STRIKE begins : Passengers stranded as airport operations grounded over strike •Sea ports, Abuja schools, Federal Secretariat shut


Passengers were left stranded at Abuja and Lagos airports in the early hours of today following the industrial action declared by the Nigerian Labour Congress (NLC) and the Trade Union Congress (TUC) over the federal Government’s refusal to raise the proposed minimum wage from N60,000.

The Association of Nigeria Aviation Professionals, (ANAP), National Union of Air Transport Employees (NUATE), Air Transport Services Senior Staff Association of Nigeria (ATSSSAN) and the National Association of Aircraft Pilots and Engineers (NAAPE) had yesterday directed their members to join the strike after the meeting the leadership of the NLC and NUC had with the National Assembly to reach a resolution ended in a deadlock, reports Daily Sun.

The aviation unions whose membership cut across agencies like the Federal Airport Authority of Nigeria (FAAN), the Nigeria Airspace Management Agency (NAMA) and the Nigerian Civil Aviation Authority (NCAA), complied with the directive in the early hours of today as flight operations at some airports across the country came to a halt.

A domestic airline official told our correspondent that he arrived at the Nnamdi Azikiwe Airport, Abuja, as early as 6.a.m today to get the first flight.

“I got to the airport at 6.a.m, checked in, got to the departure lounge and it was scanty with very few people. Air Peace was making their first boarding call. They were midway into the call when they were stopped and the departure gate was locked and no one could leave. At about 7.00a.m, Air Peace cancelled their flights and the labour unions came and began shutting off the air conditioners in the departure lounge and everyone left.

“Around 7.15a.m, I left the departure lounge and came outside the terminal building and saw a huge crowd. All the check-in counters of the airlines were shut down, no one was selling tickets and no one was checking in.

“When I made enquires, I was told that the unions told all the airline staff to leave the terminal building.

“As I speak, everyone is standing outside the terminal building and no one is being allowed to enter. People are standing outside and hoping that there would be a reprieve,” the airline official said.

The situation was the same at the General Aviation Terminal (GAT) of the Murtala Muhammed Airport, Lagos. As early as 6.30a.m, the aviation unions had locked the gates leading to the airport building leaving passengers outside.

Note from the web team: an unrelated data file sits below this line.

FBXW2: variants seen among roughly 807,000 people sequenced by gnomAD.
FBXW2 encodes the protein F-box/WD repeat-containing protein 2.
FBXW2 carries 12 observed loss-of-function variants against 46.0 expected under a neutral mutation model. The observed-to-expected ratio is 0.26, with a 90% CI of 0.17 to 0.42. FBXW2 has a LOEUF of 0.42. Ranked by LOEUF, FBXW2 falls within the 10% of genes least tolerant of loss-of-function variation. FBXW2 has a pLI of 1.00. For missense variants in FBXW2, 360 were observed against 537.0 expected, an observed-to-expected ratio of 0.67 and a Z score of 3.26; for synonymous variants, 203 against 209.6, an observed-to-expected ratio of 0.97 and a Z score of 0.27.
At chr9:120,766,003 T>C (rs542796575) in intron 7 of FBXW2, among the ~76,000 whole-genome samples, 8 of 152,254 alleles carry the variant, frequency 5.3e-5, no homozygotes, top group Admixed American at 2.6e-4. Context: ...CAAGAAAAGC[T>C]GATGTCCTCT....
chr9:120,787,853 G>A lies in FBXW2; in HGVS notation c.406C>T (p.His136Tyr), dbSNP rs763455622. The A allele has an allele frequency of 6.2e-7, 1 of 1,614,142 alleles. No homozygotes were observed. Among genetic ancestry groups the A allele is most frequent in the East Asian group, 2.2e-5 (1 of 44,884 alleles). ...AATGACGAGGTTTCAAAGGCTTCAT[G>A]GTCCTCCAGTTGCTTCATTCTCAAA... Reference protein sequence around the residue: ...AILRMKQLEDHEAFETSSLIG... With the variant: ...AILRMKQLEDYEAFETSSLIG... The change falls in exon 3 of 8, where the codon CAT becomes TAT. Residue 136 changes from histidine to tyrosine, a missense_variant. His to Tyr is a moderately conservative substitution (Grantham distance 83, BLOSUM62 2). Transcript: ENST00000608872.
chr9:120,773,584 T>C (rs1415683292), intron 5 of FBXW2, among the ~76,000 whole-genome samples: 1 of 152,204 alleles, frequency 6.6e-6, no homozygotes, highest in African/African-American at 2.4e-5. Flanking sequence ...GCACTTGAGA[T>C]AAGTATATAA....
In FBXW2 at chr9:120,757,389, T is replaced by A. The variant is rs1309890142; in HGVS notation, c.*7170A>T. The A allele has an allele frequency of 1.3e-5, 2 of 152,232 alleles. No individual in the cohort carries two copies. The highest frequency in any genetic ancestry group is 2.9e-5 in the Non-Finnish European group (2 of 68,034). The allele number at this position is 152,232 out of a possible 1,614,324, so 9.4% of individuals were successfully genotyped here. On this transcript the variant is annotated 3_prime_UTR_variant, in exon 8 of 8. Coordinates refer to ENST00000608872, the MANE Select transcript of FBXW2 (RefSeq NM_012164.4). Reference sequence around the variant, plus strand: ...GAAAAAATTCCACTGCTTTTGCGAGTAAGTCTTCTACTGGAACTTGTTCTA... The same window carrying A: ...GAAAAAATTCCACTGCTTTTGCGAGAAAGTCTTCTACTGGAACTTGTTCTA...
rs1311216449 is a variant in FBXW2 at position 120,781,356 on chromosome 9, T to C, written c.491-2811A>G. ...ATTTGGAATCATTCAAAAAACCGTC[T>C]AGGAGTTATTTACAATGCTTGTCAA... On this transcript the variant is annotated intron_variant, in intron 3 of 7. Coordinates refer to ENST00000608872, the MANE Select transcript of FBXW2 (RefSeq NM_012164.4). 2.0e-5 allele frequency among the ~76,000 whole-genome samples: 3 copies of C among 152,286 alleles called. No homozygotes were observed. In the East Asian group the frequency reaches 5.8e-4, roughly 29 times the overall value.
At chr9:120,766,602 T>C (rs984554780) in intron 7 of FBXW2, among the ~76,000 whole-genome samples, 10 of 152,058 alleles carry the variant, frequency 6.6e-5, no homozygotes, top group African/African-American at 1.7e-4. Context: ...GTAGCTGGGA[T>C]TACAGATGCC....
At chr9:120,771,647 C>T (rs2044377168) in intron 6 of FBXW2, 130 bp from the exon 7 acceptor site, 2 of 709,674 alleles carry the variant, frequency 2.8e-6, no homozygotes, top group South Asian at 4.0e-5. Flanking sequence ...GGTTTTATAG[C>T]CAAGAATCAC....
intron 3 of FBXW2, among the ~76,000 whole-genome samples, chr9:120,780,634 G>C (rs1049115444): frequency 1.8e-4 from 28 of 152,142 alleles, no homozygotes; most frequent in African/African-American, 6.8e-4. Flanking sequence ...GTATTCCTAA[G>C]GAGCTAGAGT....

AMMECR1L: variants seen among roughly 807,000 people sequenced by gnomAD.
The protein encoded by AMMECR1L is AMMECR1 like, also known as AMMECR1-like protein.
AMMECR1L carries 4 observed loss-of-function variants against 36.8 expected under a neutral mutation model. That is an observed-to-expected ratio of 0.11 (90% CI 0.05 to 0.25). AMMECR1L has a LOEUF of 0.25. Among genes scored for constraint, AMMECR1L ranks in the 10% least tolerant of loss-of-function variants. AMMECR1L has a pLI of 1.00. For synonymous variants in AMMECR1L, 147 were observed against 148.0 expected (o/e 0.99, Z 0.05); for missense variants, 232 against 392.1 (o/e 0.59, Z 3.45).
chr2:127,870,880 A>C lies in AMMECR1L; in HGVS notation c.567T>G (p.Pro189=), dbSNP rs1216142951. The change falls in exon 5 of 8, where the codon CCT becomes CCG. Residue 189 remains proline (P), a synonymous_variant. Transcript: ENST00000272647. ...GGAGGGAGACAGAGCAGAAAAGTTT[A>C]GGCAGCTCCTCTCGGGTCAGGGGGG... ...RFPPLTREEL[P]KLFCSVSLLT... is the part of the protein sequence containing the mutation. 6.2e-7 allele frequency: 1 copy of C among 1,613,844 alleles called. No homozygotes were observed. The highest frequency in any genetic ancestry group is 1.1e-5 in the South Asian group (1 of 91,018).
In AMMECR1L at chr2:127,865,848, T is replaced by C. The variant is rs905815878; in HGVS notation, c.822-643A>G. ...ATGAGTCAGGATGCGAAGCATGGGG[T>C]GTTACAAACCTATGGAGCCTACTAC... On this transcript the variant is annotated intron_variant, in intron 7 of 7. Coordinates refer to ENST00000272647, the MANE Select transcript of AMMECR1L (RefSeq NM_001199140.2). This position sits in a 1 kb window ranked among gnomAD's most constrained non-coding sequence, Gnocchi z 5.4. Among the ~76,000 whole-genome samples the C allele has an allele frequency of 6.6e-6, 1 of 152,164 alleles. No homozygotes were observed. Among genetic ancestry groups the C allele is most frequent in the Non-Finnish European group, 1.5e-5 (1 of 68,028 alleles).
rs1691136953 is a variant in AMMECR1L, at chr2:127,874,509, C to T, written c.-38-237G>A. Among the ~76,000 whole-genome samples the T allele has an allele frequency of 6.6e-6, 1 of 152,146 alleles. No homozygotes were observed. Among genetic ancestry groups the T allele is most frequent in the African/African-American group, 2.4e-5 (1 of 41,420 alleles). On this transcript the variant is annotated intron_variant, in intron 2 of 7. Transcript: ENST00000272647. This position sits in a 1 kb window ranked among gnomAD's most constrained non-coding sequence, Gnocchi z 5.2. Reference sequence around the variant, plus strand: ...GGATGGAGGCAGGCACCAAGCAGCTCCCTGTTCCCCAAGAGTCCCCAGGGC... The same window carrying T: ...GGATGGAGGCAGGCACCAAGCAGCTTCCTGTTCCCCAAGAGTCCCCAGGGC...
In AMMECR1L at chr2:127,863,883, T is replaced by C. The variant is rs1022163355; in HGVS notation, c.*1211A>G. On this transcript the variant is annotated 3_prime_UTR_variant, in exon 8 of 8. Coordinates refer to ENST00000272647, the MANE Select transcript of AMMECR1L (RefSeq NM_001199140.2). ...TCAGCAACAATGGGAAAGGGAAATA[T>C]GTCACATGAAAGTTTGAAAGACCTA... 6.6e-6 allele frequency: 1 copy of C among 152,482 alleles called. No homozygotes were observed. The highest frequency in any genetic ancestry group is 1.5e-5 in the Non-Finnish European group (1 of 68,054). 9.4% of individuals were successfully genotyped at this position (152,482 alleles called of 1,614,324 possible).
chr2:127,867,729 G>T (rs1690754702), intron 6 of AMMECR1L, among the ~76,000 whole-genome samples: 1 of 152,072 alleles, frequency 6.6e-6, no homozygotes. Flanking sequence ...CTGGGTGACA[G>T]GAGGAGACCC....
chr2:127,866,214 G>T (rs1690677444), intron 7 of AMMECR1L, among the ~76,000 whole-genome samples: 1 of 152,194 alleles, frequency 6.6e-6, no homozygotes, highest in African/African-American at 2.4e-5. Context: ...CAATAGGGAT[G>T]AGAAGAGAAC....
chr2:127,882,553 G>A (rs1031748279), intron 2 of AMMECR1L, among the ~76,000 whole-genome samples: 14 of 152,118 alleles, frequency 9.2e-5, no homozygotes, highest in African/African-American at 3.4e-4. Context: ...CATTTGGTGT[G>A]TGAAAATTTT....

However the Managing Director of Aero Contractors, Ado Sanusi, said airlines have not suspended operations but that the activities of the unions will cause flights delays and cancellations.

At the Sultan Abubakar III International Airport, Sokoto, the airport manager, Dnajuma Ahmed, told our correspondent that the airport is one and hajj operations are ongoing. “Everything is going on fine here. As I speak, hajj operations are ongoing and nothing has been disrupted. You know that we usually don’t get morning flights, most of our flights are in the afternoon, so it is our hope that by then, the issues would have been resolved,” he said.

Workers shut Nigerian ports

Maritime Workers Union of Nigeria, MWUN, has shut down port operations across the country in compliance with the strike directive from the Nigeria Labour Congress, NLC, and its Trade Union Congress of Nigeria, TUC.

An official of the Union told our correspondent that besides Lagos ports, all other port formations in Port Harcourt, Warri, Onne, Calabar, and others have been closed.

According to the official, they would remain shut until further notice from the national leadership of Organised Labour.

Federal secretariat grounded, schools closed

The industrial action by the Nigerian Labour Congress (NLC) and the Trade Union Congress (TUC) took effect on Monday as civil servants were prevented from entering the Federal Secretariat, by personnel of the Nigeria Security and Civil Defence Corps (NSCDC).

The NLC and TUC had said they would embark on strike as a result of the poor minimum wage, by the federal government.

Those who were allowed into the complex were men of the NDLEA, NIS, Police and some staff members of some non-governmental organization who have offices in the building.

Also, students in public schools in Abuja were sent home. Daily Sun observed that students from various public primary and secondary schools were seen on the roads, heading back home.

At Government Secondary School, Wuse zone 6, the gate was left wide opened as students moved out of the school premises while some teachers gathered holding discussions.

Similarly, at Radio Nigeria, the gate was locked as only staff of level 15 and above were allowed access to the office.

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